The memos on torture represented a deliberate, and internally well-debated, policy decision, made in the proper places — the White House, the intelligence agencies and the Justice Department — by the proper officials.I had intended to follow up on that, but I see that Scott Horton already beat me to it
There’s hardly a truthful statement to be found anywhere in Broder’s column. Start with the claim that the torture memos “reflect a deliberate, internally well-debated, policy decision.” Really? That assessment suggests Broder hasn’t actually read the memos. If he did, he’d come to the Bush Justice Department’s conclusions at the end that the key memos granting authority were improperly reasoned—largely because they did not, in fact, engage the key figures who should have been in the debate. But it’s much worse than that. We learned in the last ten days that the White House worked frantically to compartmentalize the production of the memos and to exclude all individuals who had actual expertise in the subject matter they were addressing—such as the Judge Advocates General of the four service branches, and the lawyers at the Department of State who have historically formed U.S. policy and views with respect to the Convention Against Torture and the Geneva Conventions. Notwithstanding these efforts, when other lawyers and uniformed military officers did learn about what was being done, they risked their careers by intervening and demanding that the readers of these memos be reminded about the clear-cut requirements of the criminal law. This was all to no avail.I think it but a small requirement that someone writing a column for one of the most influential newspapers in the country take the time to inform his/her self about the subject at hand. The epistemology of the Bush administration - decide something for ideological reasons then fabricate a cover rationale for it later, ignoring or hiding any contrary views or evidence - isn't exactly a secret at this point. But Broder could benefit from reading, say, Phillipe Sands' Torture Team which demonstrated that key Bush administration figures developed their torture practices by cutting out of the legal process anyone that wouldn't tell them what they had already decided to do, and that the legal process that they did go through was carefully choreographed to generate pseudo-legal cover for what they already intended to do. If Broder is too lazy to read the book he can listen to Sands speaking to NPR.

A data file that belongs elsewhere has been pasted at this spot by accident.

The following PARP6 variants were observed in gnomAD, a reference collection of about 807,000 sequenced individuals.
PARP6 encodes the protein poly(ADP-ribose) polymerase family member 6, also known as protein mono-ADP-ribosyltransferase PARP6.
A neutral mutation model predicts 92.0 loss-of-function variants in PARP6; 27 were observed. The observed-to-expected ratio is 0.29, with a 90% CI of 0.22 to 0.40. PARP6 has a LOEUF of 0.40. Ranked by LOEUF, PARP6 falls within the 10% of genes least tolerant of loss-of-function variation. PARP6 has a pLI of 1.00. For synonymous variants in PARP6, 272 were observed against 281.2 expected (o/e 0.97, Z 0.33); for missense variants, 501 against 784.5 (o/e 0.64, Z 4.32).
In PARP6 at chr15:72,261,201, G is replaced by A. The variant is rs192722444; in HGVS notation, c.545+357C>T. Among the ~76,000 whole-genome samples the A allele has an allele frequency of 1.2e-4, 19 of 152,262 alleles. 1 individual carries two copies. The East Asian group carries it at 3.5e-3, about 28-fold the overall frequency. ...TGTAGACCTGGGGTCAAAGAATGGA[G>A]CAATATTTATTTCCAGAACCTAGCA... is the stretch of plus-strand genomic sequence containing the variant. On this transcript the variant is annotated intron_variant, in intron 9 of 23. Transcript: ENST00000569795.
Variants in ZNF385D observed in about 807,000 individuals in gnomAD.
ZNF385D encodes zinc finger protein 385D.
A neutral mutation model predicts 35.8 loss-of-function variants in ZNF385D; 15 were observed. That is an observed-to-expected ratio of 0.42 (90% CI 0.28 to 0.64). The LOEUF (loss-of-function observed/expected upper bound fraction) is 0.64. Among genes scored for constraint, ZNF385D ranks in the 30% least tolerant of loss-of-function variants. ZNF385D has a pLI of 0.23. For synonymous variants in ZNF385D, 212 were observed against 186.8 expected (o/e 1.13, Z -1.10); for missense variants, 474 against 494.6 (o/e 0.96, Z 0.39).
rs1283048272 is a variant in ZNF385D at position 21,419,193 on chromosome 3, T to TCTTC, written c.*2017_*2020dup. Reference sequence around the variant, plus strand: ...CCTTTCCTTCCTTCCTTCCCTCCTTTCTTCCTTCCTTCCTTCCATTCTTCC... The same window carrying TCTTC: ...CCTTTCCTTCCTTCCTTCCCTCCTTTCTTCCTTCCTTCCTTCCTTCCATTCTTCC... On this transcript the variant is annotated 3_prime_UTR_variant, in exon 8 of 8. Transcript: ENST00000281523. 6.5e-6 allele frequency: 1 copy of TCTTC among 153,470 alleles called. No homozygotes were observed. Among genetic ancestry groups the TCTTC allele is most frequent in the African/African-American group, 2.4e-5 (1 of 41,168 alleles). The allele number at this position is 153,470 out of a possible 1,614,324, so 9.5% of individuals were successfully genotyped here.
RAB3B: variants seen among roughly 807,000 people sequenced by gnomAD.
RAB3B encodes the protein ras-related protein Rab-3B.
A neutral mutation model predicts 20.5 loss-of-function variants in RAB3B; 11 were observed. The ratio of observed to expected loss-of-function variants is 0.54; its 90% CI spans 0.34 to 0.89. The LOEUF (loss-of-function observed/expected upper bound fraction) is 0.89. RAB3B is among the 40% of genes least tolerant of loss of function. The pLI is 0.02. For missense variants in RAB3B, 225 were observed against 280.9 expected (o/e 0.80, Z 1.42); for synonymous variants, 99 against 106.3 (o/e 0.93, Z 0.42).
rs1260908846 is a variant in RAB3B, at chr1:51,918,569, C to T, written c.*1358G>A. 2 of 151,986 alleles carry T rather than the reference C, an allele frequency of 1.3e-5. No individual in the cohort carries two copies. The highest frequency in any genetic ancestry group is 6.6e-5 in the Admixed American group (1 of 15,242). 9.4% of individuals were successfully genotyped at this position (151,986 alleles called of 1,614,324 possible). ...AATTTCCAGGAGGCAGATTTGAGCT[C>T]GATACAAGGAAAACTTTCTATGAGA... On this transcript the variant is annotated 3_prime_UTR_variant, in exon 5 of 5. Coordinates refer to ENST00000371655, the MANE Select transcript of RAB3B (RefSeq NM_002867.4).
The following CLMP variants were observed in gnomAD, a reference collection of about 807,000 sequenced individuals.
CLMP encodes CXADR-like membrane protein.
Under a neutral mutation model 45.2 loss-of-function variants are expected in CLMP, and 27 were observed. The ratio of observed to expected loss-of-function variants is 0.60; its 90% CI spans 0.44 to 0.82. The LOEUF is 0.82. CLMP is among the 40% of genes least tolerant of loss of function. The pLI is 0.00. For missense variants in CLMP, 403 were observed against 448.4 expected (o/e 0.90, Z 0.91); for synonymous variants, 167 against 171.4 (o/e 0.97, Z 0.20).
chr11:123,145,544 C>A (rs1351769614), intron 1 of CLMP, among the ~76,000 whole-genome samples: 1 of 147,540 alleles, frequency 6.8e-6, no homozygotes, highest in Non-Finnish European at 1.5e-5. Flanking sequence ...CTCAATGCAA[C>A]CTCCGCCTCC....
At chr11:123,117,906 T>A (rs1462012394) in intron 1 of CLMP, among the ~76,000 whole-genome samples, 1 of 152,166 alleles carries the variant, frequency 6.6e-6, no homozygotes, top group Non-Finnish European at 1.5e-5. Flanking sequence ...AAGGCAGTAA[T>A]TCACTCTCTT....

Indeed, we learn from Philip Zelikow that when he wrote a memo, the White House launched an effort to scoop up and destroy all the copies. Why? They were perfectly conscious of the criminal conduct they were engaging in, and that the Zelikow memo could be cited by a future prosecutor as evidence against them. Alberto Gonzales himself repeatedly issued warnings that a criminal prosecution could follow. And if these decisions were “well-debated,” why is it that the Bush Administration itself repudiated most of the memoranda, agreeing that their reasoning was impossible to defend? It’s hard to read Broder’s effort and not conclude that he hasn’t taken the time to learn the basic facts about the torture debate, to read the documents, or to understand the issues. In the perverse world of David Broder, what counts is the equilibrium of the Washington matrix of which he is a long-established part. Broder is the perfect example of what William Wilberforce called “politics devoid of principle.”